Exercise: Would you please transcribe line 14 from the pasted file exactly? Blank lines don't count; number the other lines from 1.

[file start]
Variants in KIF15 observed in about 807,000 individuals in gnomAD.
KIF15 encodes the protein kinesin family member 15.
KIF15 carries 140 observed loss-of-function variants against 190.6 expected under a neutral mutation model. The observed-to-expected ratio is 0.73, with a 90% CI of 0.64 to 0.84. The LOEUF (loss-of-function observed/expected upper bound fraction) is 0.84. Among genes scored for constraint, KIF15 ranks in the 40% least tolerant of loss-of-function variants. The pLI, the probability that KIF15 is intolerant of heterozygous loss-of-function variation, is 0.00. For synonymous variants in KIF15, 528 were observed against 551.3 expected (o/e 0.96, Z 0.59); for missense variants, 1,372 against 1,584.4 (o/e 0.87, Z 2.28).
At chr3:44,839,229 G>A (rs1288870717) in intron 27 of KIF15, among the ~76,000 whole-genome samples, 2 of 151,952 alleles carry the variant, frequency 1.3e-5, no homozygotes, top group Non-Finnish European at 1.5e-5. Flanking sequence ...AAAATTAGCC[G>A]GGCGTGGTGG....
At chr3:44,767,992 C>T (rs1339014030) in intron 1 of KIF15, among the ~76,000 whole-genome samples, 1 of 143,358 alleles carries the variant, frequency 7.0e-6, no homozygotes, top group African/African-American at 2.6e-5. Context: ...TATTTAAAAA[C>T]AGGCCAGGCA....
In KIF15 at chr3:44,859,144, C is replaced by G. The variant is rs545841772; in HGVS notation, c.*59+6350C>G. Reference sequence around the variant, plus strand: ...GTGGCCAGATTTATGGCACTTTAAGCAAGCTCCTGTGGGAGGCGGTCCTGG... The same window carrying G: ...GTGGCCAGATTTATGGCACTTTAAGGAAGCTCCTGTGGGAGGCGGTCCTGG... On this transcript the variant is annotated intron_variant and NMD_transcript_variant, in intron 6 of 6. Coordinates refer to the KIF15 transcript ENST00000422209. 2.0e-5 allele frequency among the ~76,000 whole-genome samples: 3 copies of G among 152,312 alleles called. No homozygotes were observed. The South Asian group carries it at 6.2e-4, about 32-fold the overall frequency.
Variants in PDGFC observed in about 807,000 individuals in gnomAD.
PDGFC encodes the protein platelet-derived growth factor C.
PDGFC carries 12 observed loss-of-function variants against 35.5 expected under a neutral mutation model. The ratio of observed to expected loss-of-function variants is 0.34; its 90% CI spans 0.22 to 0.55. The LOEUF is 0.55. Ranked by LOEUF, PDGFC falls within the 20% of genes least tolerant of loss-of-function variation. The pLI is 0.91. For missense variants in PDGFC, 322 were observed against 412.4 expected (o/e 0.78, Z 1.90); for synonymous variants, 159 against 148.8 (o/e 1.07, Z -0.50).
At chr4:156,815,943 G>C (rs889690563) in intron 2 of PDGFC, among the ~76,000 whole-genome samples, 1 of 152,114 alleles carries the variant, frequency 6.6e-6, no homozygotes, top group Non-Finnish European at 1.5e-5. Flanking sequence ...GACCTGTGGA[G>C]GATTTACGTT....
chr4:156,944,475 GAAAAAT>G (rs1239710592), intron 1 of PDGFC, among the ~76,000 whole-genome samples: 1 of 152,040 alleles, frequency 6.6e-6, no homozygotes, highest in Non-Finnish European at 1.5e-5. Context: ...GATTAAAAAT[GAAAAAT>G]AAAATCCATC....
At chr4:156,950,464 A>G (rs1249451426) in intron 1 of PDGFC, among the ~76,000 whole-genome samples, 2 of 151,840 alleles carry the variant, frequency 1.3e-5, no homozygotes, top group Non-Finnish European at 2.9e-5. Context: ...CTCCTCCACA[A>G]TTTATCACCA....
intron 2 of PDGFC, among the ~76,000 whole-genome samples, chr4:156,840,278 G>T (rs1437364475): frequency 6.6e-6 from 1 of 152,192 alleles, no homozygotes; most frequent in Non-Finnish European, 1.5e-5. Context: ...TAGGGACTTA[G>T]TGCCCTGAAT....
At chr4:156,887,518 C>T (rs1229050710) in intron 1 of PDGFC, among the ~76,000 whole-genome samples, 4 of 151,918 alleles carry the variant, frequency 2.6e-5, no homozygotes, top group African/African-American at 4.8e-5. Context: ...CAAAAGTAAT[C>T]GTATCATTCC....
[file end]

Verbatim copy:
At chr4:156,887,518 C>T (rs1229050710) in intron 1 of PDGFC, among the ~76,000 whole-genome samples, 4 of 151,918 alleles carry the variant, frequency 2.6e-5, no homozygotes, top group African/African-American at 4.8e-5. Context: ...CAAAAGTAAT[C>T]GTATCATTCC....